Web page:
Principal embarks on world record - for literacy

Principal embarks on world record - for literacy

One principal in Western Australia is taking record-breaking lengths to encourage students to embrace the joy of reading.

Sinan Kerimofski, principal of Independent Public School, Vasse Primary School, will soon be attempting a Guinness World Records title for Largest gathering of people dressed as Dr Suess characters.

The attempt will involve students, teachers and support crew dressed as Thing 1, Thing 2 and other Dr. Suess characters.

Sinan, who is also the national director and WA president of the Australian Council for Educational Leaders (ACEL), says the attempt will create “a sense of belonging for every student and achievement as a whole school”.

“At Vasse Primary School we are always seeking ways to bring the school community together to create a sense of belonging and connectedness,” Sinan told The Educator.

“We felt that the opportunity to combine the promotion of reading and setting a Guinness World Records title is a great challenge and the perfect way to bring the community together.”

Sinan said that attempting a Guinness World Records title is “a unique and fun” way to amplify the school’s message of the importance of reading.

“It’s a great way to attract audiences who might normally glance over an article about a school and by adding Guinness World Records it become more inclusive and relatable for everyone,” Sinan said.

Sinan pointed out that the research and commentary around literacy levels in Australia has been well documented in that schools need to continue working hard to maintain standards in comparisons to other OECD countries.

“While our students score well at the National Minimum standard for Reading, we are always seeking ways to encourage and engage students in the joy of reading,” he said.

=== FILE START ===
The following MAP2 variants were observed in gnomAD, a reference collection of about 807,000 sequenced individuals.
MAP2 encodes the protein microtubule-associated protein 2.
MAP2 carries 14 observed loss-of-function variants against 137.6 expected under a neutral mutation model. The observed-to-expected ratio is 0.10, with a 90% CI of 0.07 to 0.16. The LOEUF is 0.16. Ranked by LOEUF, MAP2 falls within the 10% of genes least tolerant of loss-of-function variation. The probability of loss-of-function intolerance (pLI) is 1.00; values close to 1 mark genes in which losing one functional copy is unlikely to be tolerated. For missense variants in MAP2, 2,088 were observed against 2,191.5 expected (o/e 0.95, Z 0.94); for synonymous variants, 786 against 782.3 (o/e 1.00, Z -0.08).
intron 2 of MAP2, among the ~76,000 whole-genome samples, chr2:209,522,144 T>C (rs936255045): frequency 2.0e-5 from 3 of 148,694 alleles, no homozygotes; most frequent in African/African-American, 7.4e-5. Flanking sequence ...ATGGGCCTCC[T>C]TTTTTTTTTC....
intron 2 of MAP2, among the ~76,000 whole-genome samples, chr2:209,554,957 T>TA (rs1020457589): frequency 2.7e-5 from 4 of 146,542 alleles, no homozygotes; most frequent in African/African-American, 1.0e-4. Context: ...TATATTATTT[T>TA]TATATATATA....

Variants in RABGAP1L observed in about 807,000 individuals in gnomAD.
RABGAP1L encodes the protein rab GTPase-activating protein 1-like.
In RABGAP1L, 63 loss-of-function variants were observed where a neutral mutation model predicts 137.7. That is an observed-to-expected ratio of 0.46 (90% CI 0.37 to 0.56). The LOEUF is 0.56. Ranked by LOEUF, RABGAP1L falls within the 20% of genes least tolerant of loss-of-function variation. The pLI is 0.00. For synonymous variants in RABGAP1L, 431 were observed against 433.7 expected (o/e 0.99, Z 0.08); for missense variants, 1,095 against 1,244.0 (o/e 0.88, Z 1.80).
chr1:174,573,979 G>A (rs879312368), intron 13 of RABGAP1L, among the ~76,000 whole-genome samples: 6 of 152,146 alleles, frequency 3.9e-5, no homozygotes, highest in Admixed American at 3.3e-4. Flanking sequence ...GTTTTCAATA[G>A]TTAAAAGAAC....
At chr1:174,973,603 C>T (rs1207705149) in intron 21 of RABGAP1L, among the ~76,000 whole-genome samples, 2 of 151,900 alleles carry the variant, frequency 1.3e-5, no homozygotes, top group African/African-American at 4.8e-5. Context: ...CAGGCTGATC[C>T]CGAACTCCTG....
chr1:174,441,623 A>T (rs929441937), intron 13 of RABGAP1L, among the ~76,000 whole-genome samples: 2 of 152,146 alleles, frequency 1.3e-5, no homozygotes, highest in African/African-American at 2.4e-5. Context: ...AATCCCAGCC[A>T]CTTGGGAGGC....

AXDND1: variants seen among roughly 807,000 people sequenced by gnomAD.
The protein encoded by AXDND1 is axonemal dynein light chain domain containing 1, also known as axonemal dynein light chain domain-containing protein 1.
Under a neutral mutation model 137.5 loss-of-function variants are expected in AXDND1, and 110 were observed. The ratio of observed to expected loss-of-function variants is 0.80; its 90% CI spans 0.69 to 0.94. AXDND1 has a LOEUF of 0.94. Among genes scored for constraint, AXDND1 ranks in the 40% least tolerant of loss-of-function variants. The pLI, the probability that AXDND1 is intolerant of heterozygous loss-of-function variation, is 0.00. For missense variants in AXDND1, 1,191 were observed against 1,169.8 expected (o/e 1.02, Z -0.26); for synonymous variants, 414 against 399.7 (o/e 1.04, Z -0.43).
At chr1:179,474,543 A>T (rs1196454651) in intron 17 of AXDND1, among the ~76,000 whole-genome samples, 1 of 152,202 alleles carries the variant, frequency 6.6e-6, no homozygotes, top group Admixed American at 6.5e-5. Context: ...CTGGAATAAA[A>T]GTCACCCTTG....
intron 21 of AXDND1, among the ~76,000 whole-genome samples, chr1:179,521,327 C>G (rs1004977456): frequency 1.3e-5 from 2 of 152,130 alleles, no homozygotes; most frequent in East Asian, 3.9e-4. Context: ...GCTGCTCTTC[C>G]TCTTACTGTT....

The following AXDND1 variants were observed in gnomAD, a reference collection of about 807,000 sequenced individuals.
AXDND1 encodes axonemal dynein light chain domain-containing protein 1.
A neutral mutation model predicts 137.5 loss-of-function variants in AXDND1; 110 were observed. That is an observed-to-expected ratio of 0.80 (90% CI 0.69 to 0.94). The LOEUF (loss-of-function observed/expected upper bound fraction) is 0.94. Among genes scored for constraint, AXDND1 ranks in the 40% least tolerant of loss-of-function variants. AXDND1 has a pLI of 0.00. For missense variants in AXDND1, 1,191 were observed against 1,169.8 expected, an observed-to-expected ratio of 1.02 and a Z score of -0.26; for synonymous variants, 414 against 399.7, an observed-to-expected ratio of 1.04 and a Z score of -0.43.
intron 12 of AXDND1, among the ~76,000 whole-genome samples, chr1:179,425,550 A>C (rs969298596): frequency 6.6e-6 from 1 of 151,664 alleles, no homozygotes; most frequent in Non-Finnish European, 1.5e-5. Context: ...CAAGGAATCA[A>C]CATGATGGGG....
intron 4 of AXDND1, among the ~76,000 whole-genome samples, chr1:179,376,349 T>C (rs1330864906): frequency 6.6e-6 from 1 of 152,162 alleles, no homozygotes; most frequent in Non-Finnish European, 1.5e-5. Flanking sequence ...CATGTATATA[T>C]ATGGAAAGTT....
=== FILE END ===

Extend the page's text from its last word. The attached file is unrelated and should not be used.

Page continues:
The advice Sinan gives to parents is to read to their children “from birth every day at every opportunity”.

“When students are immersed in an environment of reading they develop an interest and a love for reading. The habit of reading is hard wired in the children from a very young age,” he said.

Sinan said advances in neuroscience show strong evidence that brain development is more advanced with children that have been read from a very young age.

As for how schools can improve literacy outcomes for their students, Sinan said that now only principals but all staff need to play an active role in promoting reading among students.

“At Vasse Primary if students read every school night in the term they are rewarded with a sausage sizzle lunch cooked by the principal. Last term I cooked 550 sausages. It’s just another way of acknowledging that reading is important and also fun,” he said.

“During National Simultaneous story time we had a whole school story read out over the school PA system.”

Sinan said the school has also put together a ‘whole school’ book, titled ‘Where is Mr K?’ using Google Docs which was then read out over the PA again to the whole school.

“Having the whole school involved with everyone on board from the Principal right through to the students themselves shows a very clear message that reading is vital for life-long learning,” he said.